I could go on for days but let me close by saying that Pharrell is not satisfied with designing any house (not even his own house) he dreams of. He wants to design a prefabricated house, which means a house for mass production. How about that for an illusion of grandeur? Not only he will decide on how one person lives but he actually has an opinion on how ALL people should live! And Zaha is there to facilitate his dream of producing humanity’s ultimate dwelling as I am sure she believes in him and his unique talent and not because she wants his extreme pop-stardom to rub off onto her.

And here I rest my case, having witnessed the architect’s true death. May he/she RIP

riparchit

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The reviews for the OMA/Progress exhibition at the Barbican have been quite positive and this can be easily justified . The layout is rather unique, mainly because it was curated by the Belgian collective Rotor and their non-architectural point of view is certainly refreshing. Their goal was to make the exhibition accessible to the general public and not just to architects. Even though the choice of exhibits is quite unconventional and one is intrigued  to figure out the architects’ rational (or is it the curator’s way of thinking?) it does imply that there is an aura of genius around anything that OMA is involved with. This might possibly explain why we need to read with religious piety hundreds of emails OMA exchanged with their clients, or see random snapshot of their computer screens. Even trivial things seem important …is this what makes them so wonderful? Or is it the fact that they feel confident enough to publicise without editing  thoughts, documents and possible mistakes?

Actually the publication of private office information does not help that much the visitor  to grasp the whole  ‘work in progress’ idea . It rather seems to be an expression of an architect’s inflated ego (an unfortunate occupational hazard) that urges them to show off in a childlike manner. Not to mention the advantages of advertising and most importantly the establishment of OMA as a ‘brand’ which does not stand out because of a specific design style but through their ‘special’ approach in solving architectural problems . Nevertheless there is something unique about this architectural practice. What is special about OMA  is featured quite explicitly in the exhibition and it is a sort of old-school approach and devotion towards the architectural synthetic  procedure.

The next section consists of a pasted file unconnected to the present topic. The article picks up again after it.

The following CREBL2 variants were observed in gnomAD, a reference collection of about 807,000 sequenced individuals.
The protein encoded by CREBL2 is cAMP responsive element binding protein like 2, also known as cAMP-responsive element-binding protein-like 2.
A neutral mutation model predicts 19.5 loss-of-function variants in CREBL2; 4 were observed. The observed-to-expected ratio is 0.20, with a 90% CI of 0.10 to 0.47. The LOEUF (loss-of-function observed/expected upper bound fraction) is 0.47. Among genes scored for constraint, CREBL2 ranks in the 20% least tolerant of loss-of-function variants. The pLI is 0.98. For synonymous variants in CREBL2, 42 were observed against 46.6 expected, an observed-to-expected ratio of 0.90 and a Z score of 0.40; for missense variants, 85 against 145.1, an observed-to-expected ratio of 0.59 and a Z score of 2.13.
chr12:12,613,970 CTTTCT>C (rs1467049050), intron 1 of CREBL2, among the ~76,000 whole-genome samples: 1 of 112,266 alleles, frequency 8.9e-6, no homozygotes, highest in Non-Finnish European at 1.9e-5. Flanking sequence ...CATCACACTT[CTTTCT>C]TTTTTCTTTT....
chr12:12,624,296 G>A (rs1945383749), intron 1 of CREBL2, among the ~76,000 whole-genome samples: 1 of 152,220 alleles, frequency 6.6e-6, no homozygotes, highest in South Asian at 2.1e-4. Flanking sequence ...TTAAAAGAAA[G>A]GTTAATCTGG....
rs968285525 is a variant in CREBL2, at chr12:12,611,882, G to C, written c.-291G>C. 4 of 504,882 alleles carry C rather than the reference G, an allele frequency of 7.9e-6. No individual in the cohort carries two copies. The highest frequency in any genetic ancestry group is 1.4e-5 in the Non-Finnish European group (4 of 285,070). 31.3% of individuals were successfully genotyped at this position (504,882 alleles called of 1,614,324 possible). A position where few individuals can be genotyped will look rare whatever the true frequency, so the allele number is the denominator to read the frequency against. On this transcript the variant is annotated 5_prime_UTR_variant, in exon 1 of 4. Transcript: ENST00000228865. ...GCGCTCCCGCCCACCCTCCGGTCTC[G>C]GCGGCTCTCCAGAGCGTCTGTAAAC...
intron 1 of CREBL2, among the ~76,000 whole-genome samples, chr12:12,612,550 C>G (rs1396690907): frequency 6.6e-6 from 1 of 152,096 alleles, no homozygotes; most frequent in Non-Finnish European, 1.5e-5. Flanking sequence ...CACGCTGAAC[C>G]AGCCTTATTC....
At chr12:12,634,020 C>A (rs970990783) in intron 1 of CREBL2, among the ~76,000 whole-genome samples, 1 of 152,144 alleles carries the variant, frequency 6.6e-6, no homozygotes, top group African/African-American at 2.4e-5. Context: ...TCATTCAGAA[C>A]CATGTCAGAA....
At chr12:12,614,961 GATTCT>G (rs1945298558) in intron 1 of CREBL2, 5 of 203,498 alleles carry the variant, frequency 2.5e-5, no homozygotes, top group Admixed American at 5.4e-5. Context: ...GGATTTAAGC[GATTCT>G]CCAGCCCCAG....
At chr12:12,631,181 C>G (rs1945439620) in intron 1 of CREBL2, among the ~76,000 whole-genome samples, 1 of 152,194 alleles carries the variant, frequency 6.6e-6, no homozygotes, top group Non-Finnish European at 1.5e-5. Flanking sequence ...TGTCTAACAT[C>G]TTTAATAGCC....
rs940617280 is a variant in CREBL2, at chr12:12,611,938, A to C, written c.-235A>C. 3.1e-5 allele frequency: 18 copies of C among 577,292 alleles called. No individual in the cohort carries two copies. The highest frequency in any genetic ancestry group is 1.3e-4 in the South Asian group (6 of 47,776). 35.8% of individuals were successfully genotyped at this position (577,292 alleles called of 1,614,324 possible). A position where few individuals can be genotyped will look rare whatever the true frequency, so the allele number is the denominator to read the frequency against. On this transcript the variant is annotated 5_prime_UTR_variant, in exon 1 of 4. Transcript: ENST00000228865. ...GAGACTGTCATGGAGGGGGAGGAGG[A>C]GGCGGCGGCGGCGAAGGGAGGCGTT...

It is obvious that they take the time to experiment on materials and models, when other practices have hardly produced any physical scale models since 3D CAD was invented. Apparently it costs too much and offers too little. Still the building materials on display (often developed and patented by the practice) along with the substantial number of models remind us something OMA know well. That architecture is an art and it ‘speaks’ its own language, the elements of which are those mundane tiles and bricks and the possible ways of experimenting with them.  OMA  do take the time and the risk to step into unknown territories and find new ways to speak the architectural language, even if at times they fall into the trap of believing they speak it better than anyone else.

As far as the aesthetics of their architectural idiom or the ethics of their practice are concerned, the exhibition offers loads of material for the visitors to make up their own minds. After all, one thing OMA cannot be accused of, is being afraid of criticism. Any publicity is good publicity.